The Ministry for Primary Industries is hopeful that the invasive plant pest blackgrass can be managed to extinction in New Zealand.

Authorities and farmers are keeping a close eye on grass crops after the discovery of a small amount of blackgrass in Mid Canterbury. The plant has been found on three properties in small quantities.

David Yard, senior response manager with the Ministry for Primary Industries, said it appeared blackgrass might not be as invasive in New Zealand as in Europe.

In Europe the plant has proved resistant to herbicides but Mr Yard said it appeared it was more readily controlled by sprays in New Zealand. New Zealand farming methods may also help to control the grass.


One plant was found on one property, 30 on another and between 100 and 200 onthe third.

The farms were among 24 properties under surveillance after the discovery of three blackgrass seeds in a ryegrass produced in Mid Canterbury in 2015 and 2016. The seeds were identified from representative samples taken from a 63-tonne consignment destined for export.

"We suspect it came from a consignment of seed imported from England in 2007," he said.

That seed was traced to the 24 properties under surveillance, all of which are in Mid Canterbury.

At the time the suspected contaminated consignment was imported, blackgrass was not regulated, Mr Yard said.

The latest discovery was found on the three properties in very low levels, he said.

"We couldn't find any more on other farms."

Most of the plants found had been destroyed, but a small number had been kept for herbicide testing, he said.

"The key message is vigilance, both with velvetleaf and blackgrass. That's better done by the farmer."

Guy Wigley, Federated Farmers biosecurity spokesman and national arable chairman, also believes that blackgrass can be eradicated.

New Zealand had three things going for it which English farming systems did not - burning, which was recognised as a good control, ploughing and a grazing regime, he said.

"It is vital to retain that tool [burning]. Blackgrass doesn't like being ploughed and it doesn't like being grazed. Those three things are on our side.

"All importers need to play their part when sourcing material and get it from areas where such pests are not endemic.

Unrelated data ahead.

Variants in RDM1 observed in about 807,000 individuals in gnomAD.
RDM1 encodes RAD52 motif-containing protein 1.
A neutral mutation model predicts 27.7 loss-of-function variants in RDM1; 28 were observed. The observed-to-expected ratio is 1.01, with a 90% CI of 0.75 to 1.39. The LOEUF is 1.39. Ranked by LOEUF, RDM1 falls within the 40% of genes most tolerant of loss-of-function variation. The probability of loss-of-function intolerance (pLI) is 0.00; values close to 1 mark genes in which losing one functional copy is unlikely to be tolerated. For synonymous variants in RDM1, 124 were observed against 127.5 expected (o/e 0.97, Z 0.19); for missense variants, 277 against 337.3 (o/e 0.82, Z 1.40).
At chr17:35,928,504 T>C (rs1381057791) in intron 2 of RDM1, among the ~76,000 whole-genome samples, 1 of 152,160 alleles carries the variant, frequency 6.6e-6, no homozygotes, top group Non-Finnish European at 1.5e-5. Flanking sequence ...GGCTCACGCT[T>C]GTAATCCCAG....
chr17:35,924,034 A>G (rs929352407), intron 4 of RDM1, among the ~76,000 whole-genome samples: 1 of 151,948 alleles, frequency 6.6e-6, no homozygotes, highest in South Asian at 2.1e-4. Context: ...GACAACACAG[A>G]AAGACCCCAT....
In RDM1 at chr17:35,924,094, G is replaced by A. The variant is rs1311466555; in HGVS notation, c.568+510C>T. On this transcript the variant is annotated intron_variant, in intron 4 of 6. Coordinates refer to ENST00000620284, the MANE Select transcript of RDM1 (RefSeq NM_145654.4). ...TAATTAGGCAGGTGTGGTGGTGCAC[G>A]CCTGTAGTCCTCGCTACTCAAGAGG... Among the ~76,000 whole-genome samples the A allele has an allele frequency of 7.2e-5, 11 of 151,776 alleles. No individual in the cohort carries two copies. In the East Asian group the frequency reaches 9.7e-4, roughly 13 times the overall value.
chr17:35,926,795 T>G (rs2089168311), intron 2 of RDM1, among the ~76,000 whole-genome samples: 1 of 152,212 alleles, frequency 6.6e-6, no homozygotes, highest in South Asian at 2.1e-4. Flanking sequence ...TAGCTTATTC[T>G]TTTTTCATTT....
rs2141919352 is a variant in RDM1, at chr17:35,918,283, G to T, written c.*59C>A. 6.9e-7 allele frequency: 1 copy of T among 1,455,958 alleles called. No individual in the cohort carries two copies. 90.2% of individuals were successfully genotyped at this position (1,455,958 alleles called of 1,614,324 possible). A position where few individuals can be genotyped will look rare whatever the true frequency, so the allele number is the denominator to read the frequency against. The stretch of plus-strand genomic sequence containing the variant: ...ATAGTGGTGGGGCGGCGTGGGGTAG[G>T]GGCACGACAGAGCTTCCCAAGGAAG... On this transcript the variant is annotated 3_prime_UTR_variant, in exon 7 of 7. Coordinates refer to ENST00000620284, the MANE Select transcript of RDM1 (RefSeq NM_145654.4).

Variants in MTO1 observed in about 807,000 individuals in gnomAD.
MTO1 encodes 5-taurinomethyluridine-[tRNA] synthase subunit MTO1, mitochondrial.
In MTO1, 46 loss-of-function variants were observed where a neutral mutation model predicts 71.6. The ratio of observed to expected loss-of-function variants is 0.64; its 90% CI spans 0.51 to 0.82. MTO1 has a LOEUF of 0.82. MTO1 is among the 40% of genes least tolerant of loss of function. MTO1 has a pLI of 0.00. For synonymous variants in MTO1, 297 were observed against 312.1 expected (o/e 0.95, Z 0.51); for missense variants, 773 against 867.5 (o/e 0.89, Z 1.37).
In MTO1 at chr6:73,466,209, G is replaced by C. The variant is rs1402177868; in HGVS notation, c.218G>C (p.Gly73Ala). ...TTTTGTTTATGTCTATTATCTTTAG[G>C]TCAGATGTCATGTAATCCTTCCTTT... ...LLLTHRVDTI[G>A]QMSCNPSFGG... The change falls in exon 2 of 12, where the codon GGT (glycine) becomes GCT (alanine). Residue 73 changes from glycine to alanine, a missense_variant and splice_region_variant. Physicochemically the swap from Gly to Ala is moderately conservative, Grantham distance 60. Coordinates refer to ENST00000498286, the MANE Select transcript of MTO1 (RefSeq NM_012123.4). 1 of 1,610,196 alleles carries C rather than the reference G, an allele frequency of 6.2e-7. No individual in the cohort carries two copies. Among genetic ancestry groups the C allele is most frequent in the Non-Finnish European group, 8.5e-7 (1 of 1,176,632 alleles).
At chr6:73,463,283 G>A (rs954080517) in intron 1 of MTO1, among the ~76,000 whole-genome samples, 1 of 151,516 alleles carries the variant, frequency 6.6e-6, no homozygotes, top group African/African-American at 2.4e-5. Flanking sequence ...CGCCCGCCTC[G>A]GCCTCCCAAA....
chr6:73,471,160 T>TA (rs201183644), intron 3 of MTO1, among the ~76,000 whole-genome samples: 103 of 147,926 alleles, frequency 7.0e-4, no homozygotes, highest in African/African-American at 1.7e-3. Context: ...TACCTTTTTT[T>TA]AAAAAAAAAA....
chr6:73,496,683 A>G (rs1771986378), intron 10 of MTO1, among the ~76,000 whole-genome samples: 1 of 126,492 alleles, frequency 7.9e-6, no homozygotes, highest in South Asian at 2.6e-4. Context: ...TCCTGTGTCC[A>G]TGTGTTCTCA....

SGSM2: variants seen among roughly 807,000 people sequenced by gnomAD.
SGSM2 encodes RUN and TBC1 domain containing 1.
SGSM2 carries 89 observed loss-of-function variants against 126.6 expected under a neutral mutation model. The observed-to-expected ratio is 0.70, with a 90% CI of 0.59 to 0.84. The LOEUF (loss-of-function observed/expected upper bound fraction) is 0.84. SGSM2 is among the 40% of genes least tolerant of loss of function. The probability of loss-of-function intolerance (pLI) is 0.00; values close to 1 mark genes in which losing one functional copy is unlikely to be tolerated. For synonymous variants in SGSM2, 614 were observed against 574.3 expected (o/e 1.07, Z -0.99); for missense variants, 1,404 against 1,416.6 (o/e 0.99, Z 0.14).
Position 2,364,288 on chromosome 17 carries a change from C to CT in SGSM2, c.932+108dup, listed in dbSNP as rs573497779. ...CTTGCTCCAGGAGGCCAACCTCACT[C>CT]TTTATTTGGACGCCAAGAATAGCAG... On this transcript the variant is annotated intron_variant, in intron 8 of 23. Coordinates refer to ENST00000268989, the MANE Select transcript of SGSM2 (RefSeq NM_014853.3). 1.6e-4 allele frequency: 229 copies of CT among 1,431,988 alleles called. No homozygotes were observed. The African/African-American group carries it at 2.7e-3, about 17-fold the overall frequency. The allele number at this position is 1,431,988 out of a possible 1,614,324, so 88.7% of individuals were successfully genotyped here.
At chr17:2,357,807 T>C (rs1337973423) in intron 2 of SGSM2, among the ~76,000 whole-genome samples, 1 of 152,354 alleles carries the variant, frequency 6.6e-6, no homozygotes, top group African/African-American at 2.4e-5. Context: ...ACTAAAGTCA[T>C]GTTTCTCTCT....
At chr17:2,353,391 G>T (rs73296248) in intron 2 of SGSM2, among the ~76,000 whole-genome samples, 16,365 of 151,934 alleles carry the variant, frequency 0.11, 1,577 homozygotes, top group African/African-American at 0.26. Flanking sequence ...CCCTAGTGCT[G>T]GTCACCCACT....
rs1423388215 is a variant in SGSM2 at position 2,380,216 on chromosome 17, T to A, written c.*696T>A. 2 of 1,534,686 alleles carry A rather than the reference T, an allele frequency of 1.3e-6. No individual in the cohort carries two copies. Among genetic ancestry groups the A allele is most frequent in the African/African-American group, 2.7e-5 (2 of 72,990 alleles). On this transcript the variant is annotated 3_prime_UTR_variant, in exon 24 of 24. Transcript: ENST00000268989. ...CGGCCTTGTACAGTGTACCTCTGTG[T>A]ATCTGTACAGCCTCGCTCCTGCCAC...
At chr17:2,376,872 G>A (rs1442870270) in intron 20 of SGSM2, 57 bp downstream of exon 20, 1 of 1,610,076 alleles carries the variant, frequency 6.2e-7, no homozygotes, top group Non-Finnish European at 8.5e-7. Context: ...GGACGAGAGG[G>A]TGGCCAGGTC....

"Way back then it wasn't recognised as a problem weed. Since then it has become a problem in England. They have lost some of their tools for dealing with it and it has a resistance to chemicals."

He applauded MPI for its effort in tracing and monitoring potentially affected properties.

Federated Farmers said if blackgrass was to establish in New Zealand it would have serious economic and environmental impacts on grain and seed crop production through reduced crop yields

The impact of blackgrass on the arable industry through reduced yields was estimated to be between $8.14 million and $82.4 million, without including any herbicide and machinery costs, it said.

Anyone who suspected they might have blackgrass should contact the MPI pests and diseases hotline, 0800-809-966.

Blackgrass (Alopecurus myosuroides) is a small-seeded and narrow-leaved annual grass weed that can grow up to a metre high.

It can germinate in either autumn or spring, but experience from the northern hemisphere suggests that autumn germination ismuch more common (more than 80%).

Blackgrass populations appear to persist longer in wet soils. In favourable conditions, seeds can survive for up to two to three years but a small percentage may survive for a longer period.

Blackgrass seed heads can easily be mistaken for other common grass weeds. In particular they are very similar to Timothy, meadow foxtail, Phalaris aquatica and sweet vernal.

Mature plants are easier to distinguish as their reddish purple seed heads emerge. Plants typically produce five to 12 seed heads and each seed head can produce up to 100 seeds.